DON testing protocols


DURING THE SEVERE outbreak of DON in corn during the 2018 harvest season, Grain Farmers of Ontario partnered with the Ontario Ministry of Agriculture, Food and Rural Affairs, the Ontario Agri-Business Association, and the University of Guelph to form a mycotoxin research coalition.

A primary initiative of this coalition is to develop sampling and testing best management practices for DON as part of a research project, entitled Mitigating DON impacts on the Ontario corn industry, led by Dr. Art Schaafsma, University of Guelph Ridgetown Campus.

A significant problem for farmers attempting to make deliveries at harvest time was the inconsistent DON test results they received on some loads of corn at different elevators. Receivers of corn were forced to act quickly to increase the frequency and scope of DON testing based on the quality parameters of the end user marketplace.

Schaafsma’s research project is nearing completion and some findings were released in July which will support better consistency in DON testing.


Probe samples were shown to be less of a problem than initially believed and were well correlated to results from tailgate samples. A 2 kg sample from four probes per truck is considered the equivalent of a tailgate sample.

The test kits were also not found to account for inconsistent results. The three major suppliers of DON tests — Neogen, Xygen (Envirologix), and R-Biopharm — were consistent, however it was identified that additional on-site operator training would be beneficial to optimize the test kits performance. It was also noted that as the concentration of DON goes up in the samples taken, the variability in the test kit result also increases.

What was determined to lead to the most variability in test results was the subsampling and grinding process (how much is ground) for the sample taken by the probe. Subsamples from the probe sample were generally found to be the greatest source of variability in test results. Grinding the entire probe sample before subsampling, and then remixing before taking the final sample for DON testing is expected to reduce the variability in test results.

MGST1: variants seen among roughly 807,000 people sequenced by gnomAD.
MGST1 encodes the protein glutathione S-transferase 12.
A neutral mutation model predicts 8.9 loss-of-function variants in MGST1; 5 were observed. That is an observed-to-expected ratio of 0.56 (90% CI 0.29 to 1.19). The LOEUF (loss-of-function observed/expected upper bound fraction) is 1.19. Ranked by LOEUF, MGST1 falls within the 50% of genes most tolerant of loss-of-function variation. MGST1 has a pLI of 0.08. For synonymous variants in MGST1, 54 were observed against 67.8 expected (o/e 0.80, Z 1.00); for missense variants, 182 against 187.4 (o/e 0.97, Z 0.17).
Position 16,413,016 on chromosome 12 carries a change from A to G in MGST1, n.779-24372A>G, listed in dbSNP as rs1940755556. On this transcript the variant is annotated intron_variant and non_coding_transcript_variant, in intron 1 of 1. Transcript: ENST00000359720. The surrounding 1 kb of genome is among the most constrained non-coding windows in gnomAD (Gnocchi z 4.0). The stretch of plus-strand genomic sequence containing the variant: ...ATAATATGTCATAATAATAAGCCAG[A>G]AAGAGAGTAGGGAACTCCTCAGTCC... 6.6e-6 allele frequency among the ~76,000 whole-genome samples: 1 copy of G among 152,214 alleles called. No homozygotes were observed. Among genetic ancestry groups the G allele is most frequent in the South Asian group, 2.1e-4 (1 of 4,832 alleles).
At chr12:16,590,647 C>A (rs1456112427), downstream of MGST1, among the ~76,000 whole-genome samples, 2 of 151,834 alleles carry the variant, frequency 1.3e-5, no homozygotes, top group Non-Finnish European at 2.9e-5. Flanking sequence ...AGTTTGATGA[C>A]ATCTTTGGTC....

Based on the current research, Schaafsma and his research team are recommending test operators fine grind as much of the whole grain from the probe sample as possible and mix the flour very well before taking the amount for extraction that is required by the test kit manufacturer. With respect to the grinding equipment, the research identifies that consideration must be given to choosing a grinder that addresses quality of the fine grind as well as the capacity of the grinder to ensure an adequate sample.

Ontario Agri-Business Association (OABA) has advised Grain Farmers of Ontario that they will be distributing Schaafsma’s final report to their members and strongly encouraging elevators to review their sampling and sample preparation protocols. Schaafsma reports that some elevators have already changed their testing protocols to take into account the findings of this research study. He believes improved sampling will lead to increased confidence for farmers and buyers.

Grain Farmers of Ontario will also make the final report available to our farmer-members.

This project was funded in part through the Canadian Agricultural Partnership (the Partnership), a federal-provincial-territorial initiative. This project was also funded in part by Grain Farmers of Ontario.

This research project received funding from Grain Farmers of Ontario.


From greatest to least variability*:
1. Sub-samples of the probe sample are too small
2. Grinding process
3. Test kit operator
4. Extraction amount
5. Test kit
6. Probe samples
* Results from research project: Mitigating DON impacts on the Ontario corn industry, principal researcher Dr. Art Schaafsma, University of Guelph Ridgetown Campus.

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